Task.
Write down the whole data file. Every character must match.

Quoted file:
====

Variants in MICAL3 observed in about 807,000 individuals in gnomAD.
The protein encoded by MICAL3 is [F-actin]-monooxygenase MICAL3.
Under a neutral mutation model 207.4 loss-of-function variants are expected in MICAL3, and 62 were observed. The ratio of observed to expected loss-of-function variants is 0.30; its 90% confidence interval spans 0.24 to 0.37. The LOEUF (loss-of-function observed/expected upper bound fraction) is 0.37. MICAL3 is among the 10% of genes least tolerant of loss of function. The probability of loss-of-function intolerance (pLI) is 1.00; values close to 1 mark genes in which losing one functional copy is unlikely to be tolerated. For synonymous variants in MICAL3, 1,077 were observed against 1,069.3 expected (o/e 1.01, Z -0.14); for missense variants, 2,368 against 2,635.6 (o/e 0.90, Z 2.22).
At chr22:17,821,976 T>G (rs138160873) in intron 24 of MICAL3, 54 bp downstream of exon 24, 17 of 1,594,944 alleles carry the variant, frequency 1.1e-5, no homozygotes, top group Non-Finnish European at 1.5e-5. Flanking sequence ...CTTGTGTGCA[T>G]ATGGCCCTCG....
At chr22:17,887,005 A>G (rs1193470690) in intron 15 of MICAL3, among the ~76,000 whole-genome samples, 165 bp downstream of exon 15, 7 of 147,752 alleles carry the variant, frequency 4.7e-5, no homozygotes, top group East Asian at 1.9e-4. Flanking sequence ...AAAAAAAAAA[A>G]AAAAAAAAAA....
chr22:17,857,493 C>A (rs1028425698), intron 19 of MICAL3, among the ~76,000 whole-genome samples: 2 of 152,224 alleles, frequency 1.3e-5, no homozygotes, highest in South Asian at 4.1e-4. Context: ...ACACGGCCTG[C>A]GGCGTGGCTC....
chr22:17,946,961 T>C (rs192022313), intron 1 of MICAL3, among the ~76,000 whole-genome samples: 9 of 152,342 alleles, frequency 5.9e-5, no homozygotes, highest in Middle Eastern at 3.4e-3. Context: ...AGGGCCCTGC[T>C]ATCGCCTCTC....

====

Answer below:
Variants in MICAL3 observed in about 807,000 individuals in gnomAD.
The protein encoded by MICAL3 is [F-actin]-monooxygenase MICAL3.
Under a neutral mutation model 207.4 loss-of-function variants are expected in MICAL3, and 62 were observed. The ratio of observed to expected loss-of-function variants is 0.30; its 90% confidence interval spans 0.24 to 0.37. The LOEUF (loss-of-function observed/expected upper bound fraction) is 0.37. MICAL3 is among the 10% of genes least tolerant of loss of function. The probability of loss-of-function intolerance (pLI) is 1.00; values close to 1 mark genes in which losing one functional copy is unlikely to be tolerated. For synonymous variants in MICAL3, 1,077 were observed against 1,069.3 expected (o/e 1.01, Z -0.14); for missense variants, 2,368 against 2,635.6 (o/e 0.90, Z 2.22).
At chr22:17,821,976 T>G (rs138160873) in intron 24 of MICAL3, 54 bp downstream of exon 24, 17 of 1,594,944 alleles carry the variant, frequency 1.1e-5, no homozygotes, top group Non-Finnish European at 1.5e-5. Flanking sequence ...CTTGTGTGCA[T>G]ATGGCCCTCG....
At chr22:17,887,005 A>G (rs1193470690) in intron 15 of MICAL3, among the ~76,000 whole-genome samples, 165 bp downstream of exon 15, 7 of 147,752 alleles carry the variant, frequency 4.7e-5, no homozygotes, top group East Asian at 1.9e-4. Flanking sequence ...AAAAAAAAAA[A>G]AAAAAAAAAA....
chr22:17,857,493 C>A (rs1028425698), intron 19 of MICAL3, among the ~76,000 whole-genome samples: 2 of 152,224 alleles, frequency 1.3e-5, no homozygotes, highest in South Asian at 4.1e-4. Context: ...ACACGGCCTG[C>A]GGCGTGGCTC....
chr22:17,946,961 T>C (rs192022313), intron 1 of MICAL3, among the ~76,000 whole-genome samples: 9 of 152,342 alleles, frequency 5.9e-5, no homozygotes, highest in Middle Eastern at 3.4e-3. Context: ...AGGGCCCTGC[T>C]ATCGCCTCTC....